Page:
CEASe: Housing Made Easy


By Khadijah Yasin

Communities across the nation have been affected by homelessness for years, with people living in shelters and others in the streets. The Trenton area is no exception to this reality, where a large percentage of its people living without a place to call home, many for long periods at a time. Fortunately, Trenton and Mercer County have developed programs and initiatives to provide support for those living through the struggles and hardships of homelessness. One of these initiatives is the Coordinated Entry and Assessment System for Homeless Individuals, CEASe, which focuses its efforts on helping those in the Trenton community, in particular. The CEASe system is currently being run through the CEAS Center. This center assesses the status of individuals experiencing homelessness and acts as the point of entry into housing and permanent residency. “We’ve targeted the most vulnerable people in the [homeless] community,” says Janet Porter, the supervisor of the CEAS Center.  Those who fit the criteria that CEASe has in place are granted housing. Individuals under assessment must be chronically homeless — meaning they have been homeless for an extended period of time and/ or disabled. These mandates are set so that those who need the support urgently receive it quickly. Currently the CEAS Center receives patrons from agencies throughout Mercer County such as the Rescue Mission of Trenton, where hundreds of individuals experiencing homelessness are sheltered and cared for. The CEAS Center also partners with the Mercer County Department of Human Services, the Mercer County Board of Social Services, The City of Trenton Department of Health and Human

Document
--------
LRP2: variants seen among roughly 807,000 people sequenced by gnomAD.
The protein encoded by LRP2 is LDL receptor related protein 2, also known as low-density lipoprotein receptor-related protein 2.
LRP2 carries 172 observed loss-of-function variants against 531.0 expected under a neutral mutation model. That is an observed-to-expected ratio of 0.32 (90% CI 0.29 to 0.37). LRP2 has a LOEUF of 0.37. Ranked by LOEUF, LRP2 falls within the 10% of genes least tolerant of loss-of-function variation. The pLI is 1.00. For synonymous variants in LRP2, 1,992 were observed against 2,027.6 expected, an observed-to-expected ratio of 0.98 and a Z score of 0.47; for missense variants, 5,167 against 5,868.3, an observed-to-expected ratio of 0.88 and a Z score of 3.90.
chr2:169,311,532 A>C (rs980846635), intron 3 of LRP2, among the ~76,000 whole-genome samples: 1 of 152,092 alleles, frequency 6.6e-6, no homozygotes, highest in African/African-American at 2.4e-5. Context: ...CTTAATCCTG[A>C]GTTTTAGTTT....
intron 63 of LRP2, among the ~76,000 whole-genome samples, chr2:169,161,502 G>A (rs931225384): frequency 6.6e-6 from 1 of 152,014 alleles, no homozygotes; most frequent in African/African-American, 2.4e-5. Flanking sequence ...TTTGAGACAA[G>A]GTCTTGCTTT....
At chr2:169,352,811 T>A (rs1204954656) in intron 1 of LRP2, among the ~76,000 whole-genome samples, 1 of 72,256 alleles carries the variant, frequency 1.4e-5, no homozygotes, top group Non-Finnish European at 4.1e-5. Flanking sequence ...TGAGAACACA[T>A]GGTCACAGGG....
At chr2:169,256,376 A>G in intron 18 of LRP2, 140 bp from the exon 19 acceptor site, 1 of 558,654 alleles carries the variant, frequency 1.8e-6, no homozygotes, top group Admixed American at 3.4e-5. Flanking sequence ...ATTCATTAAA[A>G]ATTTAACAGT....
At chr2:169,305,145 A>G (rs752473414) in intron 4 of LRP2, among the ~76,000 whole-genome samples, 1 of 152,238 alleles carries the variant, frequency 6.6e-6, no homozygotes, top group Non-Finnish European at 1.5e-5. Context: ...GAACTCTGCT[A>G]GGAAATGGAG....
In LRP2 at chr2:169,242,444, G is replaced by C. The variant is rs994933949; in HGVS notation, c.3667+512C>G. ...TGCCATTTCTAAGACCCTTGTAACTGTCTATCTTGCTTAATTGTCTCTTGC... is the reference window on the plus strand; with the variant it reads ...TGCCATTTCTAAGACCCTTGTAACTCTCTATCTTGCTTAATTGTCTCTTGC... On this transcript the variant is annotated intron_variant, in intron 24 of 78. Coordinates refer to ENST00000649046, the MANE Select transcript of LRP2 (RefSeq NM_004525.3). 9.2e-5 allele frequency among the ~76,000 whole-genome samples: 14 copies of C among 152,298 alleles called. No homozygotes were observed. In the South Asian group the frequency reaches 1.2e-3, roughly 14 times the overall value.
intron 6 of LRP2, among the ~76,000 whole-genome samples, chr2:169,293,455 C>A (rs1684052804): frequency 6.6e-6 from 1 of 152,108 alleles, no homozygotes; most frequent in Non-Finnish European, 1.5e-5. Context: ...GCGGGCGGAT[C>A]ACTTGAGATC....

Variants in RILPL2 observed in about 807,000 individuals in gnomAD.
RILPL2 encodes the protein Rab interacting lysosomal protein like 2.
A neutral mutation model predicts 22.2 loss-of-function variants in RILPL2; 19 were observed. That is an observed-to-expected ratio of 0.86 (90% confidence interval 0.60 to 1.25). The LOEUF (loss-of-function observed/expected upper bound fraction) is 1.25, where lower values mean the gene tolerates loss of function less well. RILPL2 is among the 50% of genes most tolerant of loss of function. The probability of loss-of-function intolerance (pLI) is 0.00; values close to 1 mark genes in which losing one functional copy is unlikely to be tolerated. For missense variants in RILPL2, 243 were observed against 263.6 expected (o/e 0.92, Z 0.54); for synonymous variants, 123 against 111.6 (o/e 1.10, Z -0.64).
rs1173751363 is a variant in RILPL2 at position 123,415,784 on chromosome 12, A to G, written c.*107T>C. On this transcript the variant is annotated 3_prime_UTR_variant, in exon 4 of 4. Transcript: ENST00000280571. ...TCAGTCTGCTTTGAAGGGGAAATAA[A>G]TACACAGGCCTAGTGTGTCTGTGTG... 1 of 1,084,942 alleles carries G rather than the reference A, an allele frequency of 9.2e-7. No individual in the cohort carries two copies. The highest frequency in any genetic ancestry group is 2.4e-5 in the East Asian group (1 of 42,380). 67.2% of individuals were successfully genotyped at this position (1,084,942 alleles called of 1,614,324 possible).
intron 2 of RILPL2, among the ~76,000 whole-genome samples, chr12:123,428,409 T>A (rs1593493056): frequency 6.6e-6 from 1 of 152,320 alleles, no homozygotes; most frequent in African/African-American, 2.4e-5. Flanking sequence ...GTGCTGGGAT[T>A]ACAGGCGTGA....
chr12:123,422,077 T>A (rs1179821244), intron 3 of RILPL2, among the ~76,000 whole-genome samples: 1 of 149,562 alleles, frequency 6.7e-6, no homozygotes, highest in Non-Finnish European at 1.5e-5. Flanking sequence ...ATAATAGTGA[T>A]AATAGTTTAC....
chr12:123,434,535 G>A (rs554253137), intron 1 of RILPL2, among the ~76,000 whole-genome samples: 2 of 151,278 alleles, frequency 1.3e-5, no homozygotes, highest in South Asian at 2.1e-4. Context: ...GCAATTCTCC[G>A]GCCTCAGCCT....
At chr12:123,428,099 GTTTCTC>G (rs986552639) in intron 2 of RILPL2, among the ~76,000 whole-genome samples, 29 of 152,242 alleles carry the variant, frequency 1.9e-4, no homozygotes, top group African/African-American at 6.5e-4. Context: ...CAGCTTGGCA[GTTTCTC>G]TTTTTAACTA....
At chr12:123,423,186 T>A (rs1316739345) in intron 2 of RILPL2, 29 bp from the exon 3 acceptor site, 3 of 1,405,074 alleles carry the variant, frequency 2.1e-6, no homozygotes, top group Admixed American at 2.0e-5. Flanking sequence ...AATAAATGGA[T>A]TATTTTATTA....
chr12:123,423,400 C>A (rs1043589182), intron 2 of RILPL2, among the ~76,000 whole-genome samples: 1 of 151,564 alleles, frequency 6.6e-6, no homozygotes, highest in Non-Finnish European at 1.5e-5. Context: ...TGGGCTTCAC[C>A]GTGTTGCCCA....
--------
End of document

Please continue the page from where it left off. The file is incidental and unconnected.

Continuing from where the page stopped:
Services, and Mercer Alliance to End Homelessness. The main priority of CEASe is to filter through potential clients, and to provide housing to those with the most need. An important aspect of the process ensures that the housing is varied for every patron and that it meets his or her individual needs. This housing is founded by the United States Department of Housing and Urban Development (HUD). Many of the patrons coming from these shelters are accustomed to the community-based settings that they promote. And for this reason, the CEAS Center and its partner organizations work to make the transition into housing an easy and comforting process for the client. To ensure a smooth transition, clients are provided with support housing. “Many of these people have to have support and it is important that we meet the client’s needs,” said Porter. Additionally, Porter explained that the homeless community has a large majority of disabled individuals — some mentally disabled and others physically disabled — who need help feeling safe and healthy. The CEAS Center works to provide support housing and services that cater to the individual needs of its clients. As of now, the CEASe initiative is still developing and taking steps to expand its efforts across the Mercer County area. According to Porter, the CEAS Center only accepts patrons who are referred to it from shelters like Rescue Mission; it also hopes to expand and help those living on the streets, as well. The organization is making strides and to ensure it continues to progress, it is being evaluated by the Homeless Management Information System (HMIS).